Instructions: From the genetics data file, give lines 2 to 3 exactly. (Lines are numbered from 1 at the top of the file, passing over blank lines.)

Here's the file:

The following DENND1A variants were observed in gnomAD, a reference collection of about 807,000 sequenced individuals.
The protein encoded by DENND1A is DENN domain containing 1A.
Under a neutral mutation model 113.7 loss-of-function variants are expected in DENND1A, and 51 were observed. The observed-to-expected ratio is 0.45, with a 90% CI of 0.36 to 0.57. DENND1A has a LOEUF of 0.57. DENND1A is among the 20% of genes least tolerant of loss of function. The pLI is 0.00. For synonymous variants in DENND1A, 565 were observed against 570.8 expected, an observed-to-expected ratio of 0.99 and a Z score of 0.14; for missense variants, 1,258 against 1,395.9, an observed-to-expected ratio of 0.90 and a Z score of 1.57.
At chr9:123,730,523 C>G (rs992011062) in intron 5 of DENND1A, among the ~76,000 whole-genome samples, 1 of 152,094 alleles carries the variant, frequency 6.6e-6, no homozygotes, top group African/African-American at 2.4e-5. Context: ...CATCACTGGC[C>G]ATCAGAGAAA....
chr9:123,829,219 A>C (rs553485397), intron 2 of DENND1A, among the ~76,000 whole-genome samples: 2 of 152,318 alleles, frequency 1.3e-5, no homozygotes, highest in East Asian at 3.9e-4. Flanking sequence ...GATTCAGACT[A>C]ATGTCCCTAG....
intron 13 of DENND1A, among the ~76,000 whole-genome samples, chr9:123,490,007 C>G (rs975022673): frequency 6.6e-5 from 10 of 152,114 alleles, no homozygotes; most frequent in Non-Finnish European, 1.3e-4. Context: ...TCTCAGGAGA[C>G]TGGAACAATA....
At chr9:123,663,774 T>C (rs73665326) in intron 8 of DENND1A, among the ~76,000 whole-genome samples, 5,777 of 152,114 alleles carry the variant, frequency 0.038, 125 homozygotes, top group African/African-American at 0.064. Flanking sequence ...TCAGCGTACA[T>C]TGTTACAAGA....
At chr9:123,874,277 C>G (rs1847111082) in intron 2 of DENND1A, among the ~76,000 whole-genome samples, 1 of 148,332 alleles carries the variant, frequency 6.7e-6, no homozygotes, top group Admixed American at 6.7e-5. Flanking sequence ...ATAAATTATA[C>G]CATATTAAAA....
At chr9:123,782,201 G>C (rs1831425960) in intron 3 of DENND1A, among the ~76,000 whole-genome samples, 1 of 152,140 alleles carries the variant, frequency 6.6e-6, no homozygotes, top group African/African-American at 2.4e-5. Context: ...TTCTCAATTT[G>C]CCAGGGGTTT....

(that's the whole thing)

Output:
The protein encoded by DENND1A is DENN domain containing 1A.
Under a neutral mutation model 113.7 loss-of-function variants are expected in DENND1A, and 51 were observed. The observed-to-expected ratio is 0.45, with a 90% CI of 0.36 to 0.57. DENND1A has a LOEUF of 0.57. DENND1A is among the 20% of genes least tolerant of loss of function. The pLI is 0.00. For synonymous variants in DENND1A, 565 were observed against 570.8 expected, an observed-to-expected ratio of 0.99 and a Z score of 0.14; for missense variants, 1,258 against 1,395.9, an observed-to-expected ratio of 0.90 and a Z score of 1.57.